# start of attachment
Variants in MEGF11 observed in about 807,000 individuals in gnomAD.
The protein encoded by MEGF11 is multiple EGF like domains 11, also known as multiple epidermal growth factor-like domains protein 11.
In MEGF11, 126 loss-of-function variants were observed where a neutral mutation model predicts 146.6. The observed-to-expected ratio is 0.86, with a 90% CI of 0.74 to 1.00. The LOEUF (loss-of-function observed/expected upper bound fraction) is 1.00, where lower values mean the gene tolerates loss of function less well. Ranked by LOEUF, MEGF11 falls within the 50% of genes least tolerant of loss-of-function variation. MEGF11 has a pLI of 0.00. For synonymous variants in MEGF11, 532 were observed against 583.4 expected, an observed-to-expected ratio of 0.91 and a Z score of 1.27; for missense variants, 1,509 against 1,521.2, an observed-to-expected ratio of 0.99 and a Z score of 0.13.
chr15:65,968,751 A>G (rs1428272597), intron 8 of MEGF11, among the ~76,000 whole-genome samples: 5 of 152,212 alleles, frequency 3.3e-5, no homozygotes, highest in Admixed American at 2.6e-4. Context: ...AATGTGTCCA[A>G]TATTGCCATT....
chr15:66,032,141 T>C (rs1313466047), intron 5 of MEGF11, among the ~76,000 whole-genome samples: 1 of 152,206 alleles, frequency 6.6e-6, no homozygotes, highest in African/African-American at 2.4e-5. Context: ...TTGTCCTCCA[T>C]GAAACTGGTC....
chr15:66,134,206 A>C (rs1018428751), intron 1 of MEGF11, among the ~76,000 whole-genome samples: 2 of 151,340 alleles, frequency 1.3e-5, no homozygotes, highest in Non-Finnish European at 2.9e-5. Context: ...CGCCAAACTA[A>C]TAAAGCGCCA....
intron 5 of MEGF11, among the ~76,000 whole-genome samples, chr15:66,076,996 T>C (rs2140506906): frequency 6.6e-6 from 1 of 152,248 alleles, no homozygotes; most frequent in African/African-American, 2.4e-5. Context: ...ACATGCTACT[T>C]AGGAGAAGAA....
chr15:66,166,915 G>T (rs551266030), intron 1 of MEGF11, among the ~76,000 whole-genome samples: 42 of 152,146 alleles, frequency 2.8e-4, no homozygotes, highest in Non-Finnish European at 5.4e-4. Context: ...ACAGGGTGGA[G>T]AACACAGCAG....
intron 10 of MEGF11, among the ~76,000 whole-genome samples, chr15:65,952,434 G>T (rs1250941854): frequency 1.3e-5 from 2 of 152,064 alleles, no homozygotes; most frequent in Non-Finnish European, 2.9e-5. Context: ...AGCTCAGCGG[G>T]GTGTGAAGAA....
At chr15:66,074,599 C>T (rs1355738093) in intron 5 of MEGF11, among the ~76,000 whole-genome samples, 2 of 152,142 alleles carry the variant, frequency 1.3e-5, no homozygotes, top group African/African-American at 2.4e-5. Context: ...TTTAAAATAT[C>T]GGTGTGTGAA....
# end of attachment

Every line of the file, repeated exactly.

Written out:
Variants in MEGF11 observed in about 807,000 individuals in gnomAD.
The protein encoded by MEGF11 is multiple EGF like domains 11, also known as multiple epidermal growth factor-like domains protein 11.
In MEGF11, 126 loss-of-function variants were observed where a neutral mutation model predicts 146.6. The observed-to-expected ratio is 0.86, with a 90% CI of 0.74 to 1.00. The LOEUF (loss-of-function observed/expected upper bound fraction) is 1.00, where lower values mean the gene tolerates loss of function less well. Ranked by LOEUF, MEGF11 falls within the 50% of genes least tolerant of loss-of-function variation. MEGF11 has a pLI of 0.00. For synonymous variants in MEGF11, 532 were observed against 583.4 expected, an observed-to-expected ratio of 0.91 and a Z score of 1.27; for missense variants, 1,509 against 1,521.2, an observed-to-expected ratio of 0.99 and a Z score of 0.13.
chr15:65,968,751 A>G (rs1428272597), intron 8 of MEGF11, among the ~76,000 whole-genome samples: 5 of 152,212 alleles, frequency 3.3e-5, no homozygotes, highest in Admixed American at 2.6e-4. Context: ...AATGTGTCCA[A>G]TATTGCCATT....
chr15:66,032,141 T>C (rs1313466047), intron 5 of MEGF11, among the ~76,000 whole-genome samples: 1 of 152,206 alleles, frequency 6.6e-6, no homozygotes, highest in African/African-American at 2.4e-5. Context: ...TTGTCCTCCA[T>C]GAAACTGGTC....
chr15:66,134,206 A>C (rs1018428751), intron 1 of MEGF11, among the ~76,000 whole-genome samples: 2 of 151,340 alleles, frequency 1.3e-5, no homozygotes, highest in Non-Finnish European at 2.9e-5. Context: ...CGCCAAACTA[A>C]TAAAGCGCCA....
intron 5 of MEGF11, among the ~76,000 whole-genome samples, chr15:66,076,996 T>C (rs2140506906): frequency 6.6e-6 from 1 of 152,248 alleles, no homozygotes; most frequent in African/African-American, 2.4e-5. Context: ...ACATGCTACT[T>C]AGGAGAAGAA....
chr15:66,166,915 G>T (rs551266030), intron 1 of MEGF11, among the ~76,000 whole-genome samples: 42 of 152,146 alleles, frequency 2.8e-4, no homozygotes, highest in Non-Finnish European at 5.4e-4. Context: ...ACAGGGTGGA[G>T]AACACAGCAG....
intron 10 of MEGF11, among the ~76,000 whole-genome samples, chr15:65,952,434 G>T (rs1250941854): frequency 1.3e-5 from 2 of 152,064 alleles, no homozygotes; most frequent in Non-Finnish European, 2.9e-5. Context: ...AGCTCAGCGG[G>T]GTGTGAAGAA....
At chr15:66,074,599 C>T (rs1355738093) in intron 5 of MEGF11, among the ~76,000 whole-genome samples, 2 of 152,142 alleles carry the variant, frequency 1.3e-5, no homozygotes, top group African/African-American at 2.4e-5. Context: ...TTTAAAATAT[C>T]GGTGTGTGAA....